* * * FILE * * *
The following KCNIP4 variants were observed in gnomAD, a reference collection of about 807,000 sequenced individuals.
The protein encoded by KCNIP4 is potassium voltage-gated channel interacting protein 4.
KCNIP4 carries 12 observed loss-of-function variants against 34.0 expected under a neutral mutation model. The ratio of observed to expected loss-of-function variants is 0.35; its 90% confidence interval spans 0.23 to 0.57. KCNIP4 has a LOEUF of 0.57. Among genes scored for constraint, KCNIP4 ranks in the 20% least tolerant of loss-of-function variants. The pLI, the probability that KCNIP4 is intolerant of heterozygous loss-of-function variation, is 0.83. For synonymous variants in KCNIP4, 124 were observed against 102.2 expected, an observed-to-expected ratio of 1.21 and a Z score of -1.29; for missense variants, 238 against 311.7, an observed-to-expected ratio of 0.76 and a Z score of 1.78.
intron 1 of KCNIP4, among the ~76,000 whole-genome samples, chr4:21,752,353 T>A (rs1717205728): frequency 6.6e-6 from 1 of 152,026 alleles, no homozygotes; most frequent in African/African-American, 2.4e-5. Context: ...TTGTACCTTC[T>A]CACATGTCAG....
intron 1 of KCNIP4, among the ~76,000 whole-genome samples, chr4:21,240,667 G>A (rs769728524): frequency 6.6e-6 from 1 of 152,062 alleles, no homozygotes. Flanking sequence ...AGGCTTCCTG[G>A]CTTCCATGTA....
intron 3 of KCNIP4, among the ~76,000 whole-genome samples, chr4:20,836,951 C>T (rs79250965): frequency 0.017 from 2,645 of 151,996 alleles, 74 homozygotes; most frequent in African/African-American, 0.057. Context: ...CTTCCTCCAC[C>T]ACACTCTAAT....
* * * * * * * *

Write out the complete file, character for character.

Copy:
The following KCNIP4 variants were observed in gnomAD, a reference collection of about 807,000 sequenced individuals.
The protein encoded by KCNIP4 is potassium voltage-gated channel interacting protein 4.
KCNIP4 carries 12 observed loss-of-function variants against 34.0 expected under a neutral mutation model. The ratio of observed to expected loss-of-function variants is 0.35; its 90% confidence interval spans 0.23 to 0.57. KCNIP4 has a LOEUF of 0.57. Among genes scored for constraint, KCNIP4 ranks in the 20% least tolerant of loss-of-function variants. The pLI, the probability that KCNIP4 is intolerant of heterozygous loss-of-function variation, is 0.83. For synonymous variants in KCNIP4, 124 were observed against 102.2 expected, an observed-to-expected ratio of 1.21 and a Z score of -1.29; for missense variants, 238 against 311.7, an observed-to-expected ratio of 0.76 and a Z score of 1.78.
intron 1 of KCNIP4, among the ~76,000 whole-genome samples, chr4:21,752,353 T>A (rs1717205728): frequency 6.6e-6 from 1 of 152,026 alleles, no homozygotes; most frequent in African/African-American, 2.4e-5. Context: ...TTGTACCTTC[T>A]CACATGTCAG....
intron 1 of KCNIP4, among the ~76,000 whole-genome samples, chr4:21,240,667 G>A (rs769728524): frequency 6.6e-6 from 1 of 152,062 alleles, no homozygotes. Flanking sequence ...AGGCTTCCTG[G>A]CTTCCATGTA....
intron 3 of KCNIP4, among the ~76,000 whole-genome samples, chr4:20,836,951 C>T (rs79250965): frequency 0.017 from 2,645 of 151,996 alleles, 74 homozygotes; most frequent in African/African-American, 0.057. Context: ...CTTCCTCCAC[C>T]ACACTCTAAT....